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Europe Is Locked Back Down, But Most Schools Stay Open

Students working on a book project at the Fritz-Karsen-Shule in Berlin are reflected in a mirror on the classroom wall on Oct. 26, 2020.
Ryan Delaney
St. Louis Public Radio
Students working on a book project at the Fritz-Karsen-Shule in Berlin are reflected in a mirror on the classroom wall.

This story is produced in partnership with the Pulitzer Center

MUNICH, GERMANY — Bars, restaurants, theaters, gyms, and museums here are closed for the month of November as cases of COVID-19 in Germany top 20,000 per day, four times as many as the previous highs of April.

Unlike what took place in April, though, most schools and daycares remain open while social life is restricted.

Similar decisions are being made in other European nations, as cases of the coronavirus rise around the world. Governments are ordering businesses to close and telling adults to stay home. But schools — one of the first places to close in the spring — are still open in places like Ireland, France and the United Kingdom.

Educators and experts are unsure the strategy of partial lockdowns will be enough.

“If the numbers don't change, I think they will go on and reconsider also closing the schools down. I think and hope they are better prepared to do that,” said Henrik Saalbach, an education professor at the University of Leipzig.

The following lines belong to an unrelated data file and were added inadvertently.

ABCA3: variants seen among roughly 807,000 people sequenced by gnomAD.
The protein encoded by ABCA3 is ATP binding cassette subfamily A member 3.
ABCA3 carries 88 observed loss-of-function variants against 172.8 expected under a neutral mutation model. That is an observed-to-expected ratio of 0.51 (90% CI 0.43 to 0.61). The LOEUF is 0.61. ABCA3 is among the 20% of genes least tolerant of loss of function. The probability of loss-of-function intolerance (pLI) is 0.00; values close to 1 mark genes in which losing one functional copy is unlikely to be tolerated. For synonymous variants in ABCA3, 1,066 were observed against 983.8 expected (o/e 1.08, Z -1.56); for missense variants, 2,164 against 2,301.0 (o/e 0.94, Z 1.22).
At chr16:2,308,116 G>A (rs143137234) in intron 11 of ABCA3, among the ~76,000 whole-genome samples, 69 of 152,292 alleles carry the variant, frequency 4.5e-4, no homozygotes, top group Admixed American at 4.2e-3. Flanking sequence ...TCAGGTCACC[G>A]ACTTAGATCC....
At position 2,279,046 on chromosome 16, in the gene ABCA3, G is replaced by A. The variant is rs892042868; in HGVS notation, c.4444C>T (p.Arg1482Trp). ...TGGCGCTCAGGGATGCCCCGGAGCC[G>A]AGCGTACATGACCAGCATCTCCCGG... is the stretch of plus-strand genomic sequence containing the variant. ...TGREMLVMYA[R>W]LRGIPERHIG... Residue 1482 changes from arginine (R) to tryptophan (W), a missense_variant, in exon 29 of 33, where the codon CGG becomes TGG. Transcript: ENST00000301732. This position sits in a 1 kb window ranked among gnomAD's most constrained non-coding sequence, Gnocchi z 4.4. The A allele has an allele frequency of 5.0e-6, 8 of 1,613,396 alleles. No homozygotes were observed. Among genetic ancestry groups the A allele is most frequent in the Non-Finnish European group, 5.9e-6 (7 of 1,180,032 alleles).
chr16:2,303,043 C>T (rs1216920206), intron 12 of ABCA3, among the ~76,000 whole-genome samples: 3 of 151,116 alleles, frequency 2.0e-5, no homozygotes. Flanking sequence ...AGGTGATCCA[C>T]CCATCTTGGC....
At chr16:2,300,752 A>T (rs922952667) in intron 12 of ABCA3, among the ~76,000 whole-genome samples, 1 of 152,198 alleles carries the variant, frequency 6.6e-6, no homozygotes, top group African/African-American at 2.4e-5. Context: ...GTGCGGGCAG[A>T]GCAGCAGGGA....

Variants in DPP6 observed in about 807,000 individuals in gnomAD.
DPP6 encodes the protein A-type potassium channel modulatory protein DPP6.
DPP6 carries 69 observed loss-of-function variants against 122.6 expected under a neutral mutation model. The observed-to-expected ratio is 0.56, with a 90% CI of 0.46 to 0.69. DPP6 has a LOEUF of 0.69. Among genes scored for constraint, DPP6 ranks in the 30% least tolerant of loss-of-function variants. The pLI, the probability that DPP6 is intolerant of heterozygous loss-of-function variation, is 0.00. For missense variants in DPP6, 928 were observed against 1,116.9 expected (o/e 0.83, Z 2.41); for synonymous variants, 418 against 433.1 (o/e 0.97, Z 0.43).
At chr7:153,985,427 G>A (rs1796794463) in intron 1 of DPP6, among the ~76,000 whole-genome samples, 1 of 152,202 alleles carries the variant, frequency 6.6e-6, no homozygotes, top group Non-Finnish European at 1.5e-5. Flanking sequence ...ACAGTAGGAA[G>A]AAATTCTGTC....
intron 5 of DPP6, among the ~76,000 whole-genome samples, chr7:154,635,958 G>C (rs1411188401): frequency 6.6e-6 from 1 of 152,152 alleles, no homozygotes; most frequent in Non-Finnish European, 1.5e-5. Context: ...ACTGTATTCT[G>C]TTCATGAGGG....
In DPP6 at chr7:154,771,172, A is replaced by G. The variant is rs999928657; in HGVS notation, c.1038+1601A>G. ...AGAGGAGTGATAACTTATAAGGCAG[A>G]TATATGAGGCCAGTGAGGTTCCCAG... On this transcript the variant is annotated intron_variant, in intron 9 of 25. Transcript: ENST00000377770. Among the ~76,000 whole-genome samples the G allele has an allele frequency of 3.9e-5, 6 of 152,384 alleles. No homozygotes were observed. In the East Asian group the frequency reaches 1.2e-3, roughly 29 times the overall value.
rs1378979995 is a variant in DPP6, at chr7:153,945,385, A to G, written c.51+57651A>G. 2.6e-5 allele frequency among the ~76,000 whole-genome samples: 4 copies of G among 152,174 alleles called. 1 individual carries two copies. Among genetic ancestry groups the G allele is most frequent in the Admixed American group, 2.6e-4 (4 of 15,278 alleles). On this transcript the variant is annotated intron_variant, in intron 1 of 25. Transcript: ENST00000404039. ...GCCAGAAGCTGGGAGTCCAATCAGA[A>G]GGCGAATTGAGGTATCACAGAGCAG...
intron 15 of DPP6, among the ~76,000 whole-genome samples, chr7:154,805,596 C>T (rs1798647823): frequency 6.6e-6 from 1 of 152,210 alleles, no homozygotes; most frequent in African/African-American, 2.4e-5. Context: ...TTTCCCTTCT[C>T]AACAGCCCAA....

In nearby countries where the virus is even more out of control, schools are being impacted. Poland closed its schools. Italy and Greece have closed high schools but are keeping primary schools open.

That compares to the U.S., where schools are completely closed in a half-dozen big cities, including Los Angeles, Chicago and Washington. Just 16% of schools in the country are fully open, according to Education Week, as most American public school children either learn entirely virtually or attend classes in person just two or three days a week.

Schools being open is not a major factor in the wide spreading of the coronavirus, several research studies have found. But if the virus is circulating in the community, schools will still be impacted.

A school in Gera, Germany, had to close last month after 30 teachers were put into quarantine. Germany lacks a substitute teacher pool the way the U.S. does, which school principals say will lead to more instances like the disruption in Gera.

“How on earth are you supposed to keep lessons up and running when something like this happens?” said Inga Bergmann, the director of the Berlin Bilingual School. “So the whole system of having a school run as normal under a pandemic does not work.”

Numerous teachers in Germany envision a winter where students do a mix of in-person and remote learning, like the hybrid model being used in America, to put less strain on teachers and reduce contact. So far, education officials have rejected that notion.

Ryan Delaney and Elle Moxley are reporting on the impact of the coronavirus on German and Missouri schools through an Education Writers Association fellowship, with additional support from the Pulitzer Center.

Follow Elle on Twitter: @ellemoxley

Follow Ryan on Twitter: @rpatrickdelaney

Ryan was an education reporter at St. Louis Public Radio.
Elle Moxley
Elle covers education for KCUR. The best part of her job is talking to students. Before coming to KCUR in 2014, Elle covered Indiana education policy for NPR’s StateImpact project. Her work covering Indiana’s exit from the Common Core was nationally recognized with an Edward R. Murrow award. Her work at KCUR has been recognized by the Missouri Broadcasters Association and the Kansas City Press Club. She is a graduate of the University Of Missouri School Of Journalism. Elle regularly tweets photos of her dog, Kingsley. There is a wounded Dr. Ian Malcolm bobblehead on her desk.

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